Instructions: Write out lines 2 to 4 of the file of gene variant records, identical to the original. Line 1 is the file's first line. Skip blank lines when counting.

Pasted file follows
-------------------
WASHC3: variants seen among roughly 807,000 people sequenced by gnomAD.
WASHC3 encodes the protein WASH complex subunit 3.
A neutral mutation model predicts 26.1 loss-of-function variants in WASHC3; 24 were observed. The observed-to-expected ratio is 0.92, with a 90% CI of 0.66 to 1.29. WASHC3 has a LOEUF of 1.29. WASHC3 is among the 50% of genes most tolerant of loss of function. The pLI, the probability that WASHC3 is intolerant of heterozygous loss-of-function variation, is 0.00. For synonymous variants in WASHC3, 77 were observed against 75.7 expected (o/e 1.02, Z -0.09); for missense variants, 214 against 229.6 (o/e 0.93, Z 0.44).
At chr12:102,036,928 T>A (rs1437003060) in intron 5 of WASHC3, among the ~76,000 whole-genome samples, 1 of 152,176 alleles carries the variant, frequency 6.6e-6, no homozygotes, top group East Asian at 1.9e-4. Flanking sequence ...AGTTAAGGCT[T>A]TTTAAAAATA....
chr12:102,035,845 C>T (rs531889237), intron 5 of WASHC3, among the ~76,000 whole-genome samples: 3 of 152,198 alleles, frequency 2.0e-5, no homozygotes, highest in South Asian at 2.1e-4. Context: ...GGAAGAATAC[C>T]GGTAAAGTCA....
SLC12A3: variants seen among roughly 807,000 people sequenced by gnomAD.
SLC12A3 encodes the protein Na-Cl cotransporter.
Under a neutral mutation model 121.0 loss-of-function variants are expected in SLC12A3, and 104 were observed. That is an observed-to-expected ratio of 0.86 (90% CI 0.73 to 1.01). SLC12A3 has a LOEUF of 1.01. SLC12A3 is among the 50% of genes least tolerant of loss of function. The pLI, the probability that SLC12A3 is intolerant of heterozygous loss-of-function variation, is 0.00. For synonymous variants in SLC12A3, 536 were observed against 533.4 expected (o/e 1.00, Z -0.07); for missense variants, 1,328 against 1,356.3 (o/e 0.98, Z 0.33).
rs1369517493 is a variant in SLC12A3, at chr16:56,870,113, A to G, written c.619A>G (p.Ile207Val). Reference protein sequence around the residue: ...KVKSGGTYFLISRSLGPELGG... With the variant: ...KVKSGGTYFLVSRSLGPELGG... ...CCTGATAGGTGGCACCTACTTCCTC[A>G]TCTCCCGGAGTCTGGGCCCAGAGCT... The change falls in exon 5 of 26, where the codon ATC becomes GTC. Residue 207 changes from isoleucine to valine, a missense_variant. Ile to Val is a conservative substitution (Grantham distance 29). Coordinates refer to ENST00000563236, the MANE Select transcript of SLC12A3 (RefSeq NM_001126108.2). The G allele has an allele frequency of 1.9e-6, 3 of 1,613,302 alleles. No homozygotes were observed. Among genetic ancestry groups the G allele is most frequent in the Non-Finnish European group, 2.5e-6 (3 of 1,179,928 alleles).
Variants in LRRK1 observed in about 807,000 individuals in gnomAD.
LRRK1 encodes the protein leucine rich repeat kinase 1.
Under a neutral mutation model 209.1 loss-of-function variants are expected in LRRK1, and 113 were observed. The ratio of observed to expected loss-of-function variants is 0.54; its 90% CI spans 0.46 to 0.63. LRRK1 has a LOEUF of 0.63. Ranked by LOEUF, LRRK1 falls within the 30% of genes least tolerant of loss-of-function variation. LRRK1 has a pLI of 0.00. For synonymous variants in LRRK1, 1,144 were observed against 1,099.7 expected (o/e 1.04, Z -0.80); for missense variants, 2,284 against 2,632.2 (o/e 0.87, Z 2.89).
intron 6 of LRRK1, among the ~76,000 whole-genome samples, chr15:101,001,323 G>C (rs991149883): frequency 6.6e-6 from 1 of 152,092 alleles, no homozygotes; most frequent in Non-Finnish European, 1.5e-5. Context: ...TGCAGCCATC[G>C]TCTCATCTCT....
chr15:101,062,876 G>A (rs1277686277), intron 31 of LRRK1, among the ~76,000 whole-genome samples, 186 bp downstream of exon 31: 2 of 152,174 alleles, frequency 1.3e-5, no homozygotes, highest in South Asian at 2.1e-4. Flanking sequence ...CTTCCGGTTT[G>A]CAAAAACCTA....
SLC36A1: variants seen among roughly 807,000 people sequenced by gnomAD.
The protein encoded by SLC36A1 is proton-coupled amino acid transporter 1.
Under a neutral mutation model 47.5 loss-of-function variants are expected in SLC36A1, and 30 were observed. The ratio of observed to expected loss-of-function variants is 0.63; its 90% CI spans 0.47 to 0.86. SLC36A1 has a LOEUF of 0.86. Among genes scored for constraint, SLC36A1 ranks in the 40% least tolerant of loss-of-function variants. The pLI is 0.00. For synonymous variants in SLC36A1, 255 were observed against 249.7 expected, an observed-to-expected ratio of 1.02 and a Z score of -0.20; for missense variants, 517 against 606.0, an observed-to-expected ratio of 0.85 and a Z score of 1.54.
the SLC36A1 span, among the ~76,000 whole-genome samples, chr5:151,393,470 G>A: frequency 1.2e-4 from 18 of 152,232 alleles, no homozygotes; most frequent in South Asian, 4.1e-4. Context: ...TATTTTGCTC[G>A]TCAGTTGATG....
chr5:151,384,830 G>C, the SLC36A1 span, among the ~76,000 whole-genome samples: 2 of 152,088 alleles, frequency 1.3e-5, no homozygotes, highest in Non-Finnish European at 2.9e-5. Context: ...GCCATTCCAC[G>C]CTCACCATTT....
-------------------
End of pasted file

WASHC3 encodes the protein WASH complex subunit 3.
A neutral mutation model predicts 26.1 loss-of-function variants in WASHC3; 24 were observed. The observed-to-expected ratio is 0.92, with a 90% CI of 0.66 to 1.29. WASHC3 has a LOEUF of 1.29. WASHC3 is among the 50% of genes most tolerant of loss of function. The pLI, the probability that WASHC3 is intolerant of heterozygous loss-of-function variation, is 0.00. For synonymous variants in WASHC3, 77 were observed against 75.7 expected (o/e 1.02, Z -0.09); for missense variants, 214 against 229.6 (o/e 0.93, Z 0.44).
At chr12:102,036,928 T>A (rs1437003060) in intron 5 of WASHC3, among the ~76,000 whole-genome samples, 1 of 152,176 alleles carries the variant, frequency 6.6e-6, no homozygotes, top group East Asian at 1.9e-4. Flanking sequence ...AGTTAAGGCT[T>A]TTTAAAAATA....